On the drive up the Inland Island Highway between Qualicum Beach and Courtenay there is a range of mountains immediately to the west that are relatively unknown by most people. Even residents of Courtenay and Comox, who can see this range of mountains from their homes, have little idea what it's called or could name any of the mountains in this group. It is not through ignorance but rather the lack of information available about this area. The range, known as the Beaufort Range, holds a significant meaning for residents of both the Alberni and Comox Valley as its peaks honour many local residents. These mountains stretch from Horne Lake in the south to Comox Lake in the north.
Before the Europeans, the First Nations People had a name for this mountain range: Yuts-whol-aht. Translated, it means 'walking through the face of the mountains,' which refers to the old trading trail that use to link Port Alberni to Comox long before the logging roads were pushed through. Today the Beaufort Range pays respect to the famous Royal Navy hydrographer Sir Francis Beaufort. It was Captain George Richards, who was undertaking the survey of Vancouver Island's coast in the late 1850's, who named the range as well as many other island features. Born in 1820, Richards had a distinguished career after joining the navy in 1837. He was promoted to Captain in 1854 and from 1857-59 he was in charge of the HMS Plumper and from 1860-63 the HMS Hecate. In 1864 he was appointed Hydrographer and held that position till 1874 when he retired. Richards was Knighted in 1877, received the KCB in 1881 and became an Admiral and a Fellow of the Royal Society in 1884. Admiral Sir George Henry Richards KCB FRS died in 1900.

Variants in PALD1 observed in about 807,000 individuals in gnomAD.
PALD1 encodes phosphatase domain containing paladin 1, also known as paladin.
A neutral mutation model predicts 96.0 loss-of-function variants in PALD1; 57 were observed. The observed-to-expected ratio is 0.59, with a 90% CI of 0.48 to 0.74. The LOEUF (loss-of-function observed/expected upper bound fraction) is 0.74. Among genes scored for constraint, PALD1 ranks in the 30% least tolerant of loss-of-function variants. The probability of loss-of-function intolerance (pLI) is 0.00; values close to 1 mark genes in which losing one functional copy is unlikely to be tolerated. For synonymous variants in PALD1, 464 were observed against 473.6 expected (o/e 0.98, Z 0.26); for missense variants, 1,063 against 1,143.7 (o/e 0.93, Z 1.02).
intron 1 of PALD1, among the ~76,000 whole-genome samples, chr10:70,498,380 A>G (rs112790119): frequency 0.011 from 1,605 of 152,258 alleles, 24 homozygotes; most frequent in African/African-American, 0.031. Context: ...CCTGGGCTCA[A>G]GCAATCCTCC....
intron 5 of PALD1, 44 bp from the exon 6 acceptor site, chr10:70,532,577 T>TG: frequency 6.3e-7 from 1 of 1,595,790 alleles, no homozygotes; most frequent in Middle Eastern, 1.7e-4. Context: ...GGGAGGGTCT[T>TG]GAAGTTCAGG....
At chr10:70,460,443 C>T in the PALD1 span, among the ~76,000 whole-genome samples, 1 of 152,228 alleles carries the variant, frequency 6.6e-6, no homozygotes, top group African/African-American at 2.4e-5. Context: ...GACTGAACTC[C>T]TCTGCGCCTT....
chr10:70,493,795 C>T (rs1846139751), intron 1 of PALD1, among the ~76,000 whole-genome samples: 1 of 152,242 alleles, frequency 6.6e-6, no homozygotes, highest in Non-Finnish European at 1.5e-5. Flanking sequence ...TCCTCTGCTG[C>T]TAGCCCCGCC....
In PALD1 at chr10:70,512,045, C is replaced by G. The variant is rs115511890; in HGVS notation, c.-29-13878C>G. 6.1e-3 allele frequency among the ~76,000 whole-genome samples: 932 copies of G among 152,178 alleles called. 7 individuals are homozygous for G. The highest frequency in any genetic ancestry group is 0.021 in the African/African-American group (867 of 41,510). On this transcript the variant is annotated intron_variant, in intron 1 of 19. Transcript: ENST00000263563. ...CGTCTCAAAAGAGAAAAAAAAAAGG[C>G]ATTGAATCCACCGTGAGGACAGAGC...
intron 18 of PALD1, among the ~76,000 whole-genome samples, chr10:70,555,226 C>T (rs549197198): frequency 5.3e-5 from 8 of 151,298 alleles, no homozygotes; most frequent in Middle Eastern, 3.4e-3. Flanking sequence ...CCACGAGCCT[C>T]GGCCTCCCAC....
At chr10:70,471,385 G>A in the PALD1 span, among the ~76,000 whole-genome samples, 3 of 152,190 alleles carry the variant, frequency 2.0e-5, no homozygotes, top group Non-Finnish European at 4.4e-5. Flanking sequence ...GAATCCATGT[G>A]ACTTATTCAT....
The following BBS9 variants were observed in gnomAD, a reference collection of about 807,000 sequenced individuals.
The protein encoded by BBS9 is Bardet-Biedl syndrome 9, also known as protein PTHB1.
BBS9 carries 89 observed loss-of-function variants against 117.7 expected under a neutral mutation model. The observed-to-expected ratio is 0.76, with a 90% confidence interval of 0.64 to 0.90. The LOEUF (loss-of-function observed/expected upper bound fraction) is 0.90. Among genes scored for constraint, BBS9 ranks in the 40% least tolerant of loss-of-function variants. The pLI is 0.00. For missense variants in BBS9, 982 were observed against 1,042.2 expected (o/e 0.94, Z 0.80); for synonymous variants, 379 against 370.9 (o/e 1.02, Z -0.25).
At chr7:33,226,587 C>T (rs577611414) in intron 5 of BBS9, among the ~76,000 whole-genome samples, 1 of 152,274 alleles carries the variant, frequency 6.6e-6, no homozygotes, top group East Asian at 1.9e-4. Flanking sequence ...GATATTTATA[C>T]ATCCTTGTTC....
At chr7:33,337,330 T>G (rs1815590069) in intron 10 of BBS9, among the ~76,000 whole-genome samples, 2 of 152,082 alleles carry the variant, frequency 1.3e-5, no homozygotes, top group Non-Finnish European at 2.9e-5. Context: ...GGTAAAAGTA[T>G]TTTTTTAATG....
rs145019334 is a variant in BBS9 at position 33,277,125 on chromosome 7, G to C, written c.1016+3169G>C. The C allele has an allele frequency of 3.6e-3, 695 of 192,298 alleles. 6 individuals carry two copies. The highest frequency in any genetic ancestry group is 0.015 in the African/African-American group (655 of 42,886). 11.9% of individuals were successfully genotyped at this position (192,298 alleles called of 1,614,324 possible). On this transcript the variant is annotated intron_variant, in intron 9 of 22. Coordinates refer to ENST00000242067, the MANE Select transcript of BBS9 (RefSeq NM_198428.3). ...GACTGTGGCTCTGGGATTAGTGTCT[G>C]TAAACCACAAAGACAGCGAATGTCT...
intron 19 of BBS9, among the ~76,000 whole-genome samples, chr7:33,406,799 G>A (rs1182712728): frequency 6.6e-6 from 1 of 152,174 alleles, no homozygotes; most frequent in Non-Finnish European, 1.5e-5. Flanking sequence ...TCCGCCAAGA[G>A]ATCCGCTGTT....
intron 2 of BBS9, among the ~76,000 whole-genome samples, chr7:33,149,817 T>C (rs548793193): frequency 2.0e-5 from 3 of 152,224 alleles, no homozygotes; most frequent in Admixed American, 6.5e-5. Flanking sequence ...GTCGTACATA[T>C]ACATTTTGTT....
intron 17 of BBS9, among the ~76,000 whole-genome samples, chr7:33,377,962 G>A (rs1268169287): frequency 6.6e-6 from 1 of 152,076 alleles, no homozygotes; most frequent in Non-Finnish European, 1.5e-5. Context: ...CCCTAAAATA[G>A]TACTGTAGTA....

The highest mountain in the Beaufort Range is Mount Joan (1,557m) and is located towards the southern end of the range. It is named after Joan Moorehead, a resident of the industrial town of Port Alberni. Just over five kilometres to the south of Mount Joan is Mount Hal (1,489m) also named after a member of the Moorehead family: Hal Moorehead was Joan's brother. The southern most peak on the Beaufort range is Mount Irwin (1,400m.)
As the mountains extend north from Mount Joan there is the descriptive The Squarehead (1,509m) and Mount Curran (1,478m), named after Fred and Mary Curran of Mud Bay south of the Denman Island Ferry Terminal. The Curran's owned a farm on Rosewall Creek and in 1943 assisted the surveyors offering them a place to stay and helping out because of their familiarity with the area. Fred was a Captain with the Pacific Coast Militia Rangers, an outfit formed during the Second World War that was the equivalent of a Home Guard. Then there is Mount Apps (1,537m) named after George Apps, a former teacher and school principle of Cumberland Elementary School. George had little experience in the outdoors; however, his son Don is a mountaineer and avid hiker with the Comox District Mountaineering Club and has probably spent more time in these mountains then anybody else. Many of his days are spent hiking in the Beauforts or working on the access trails.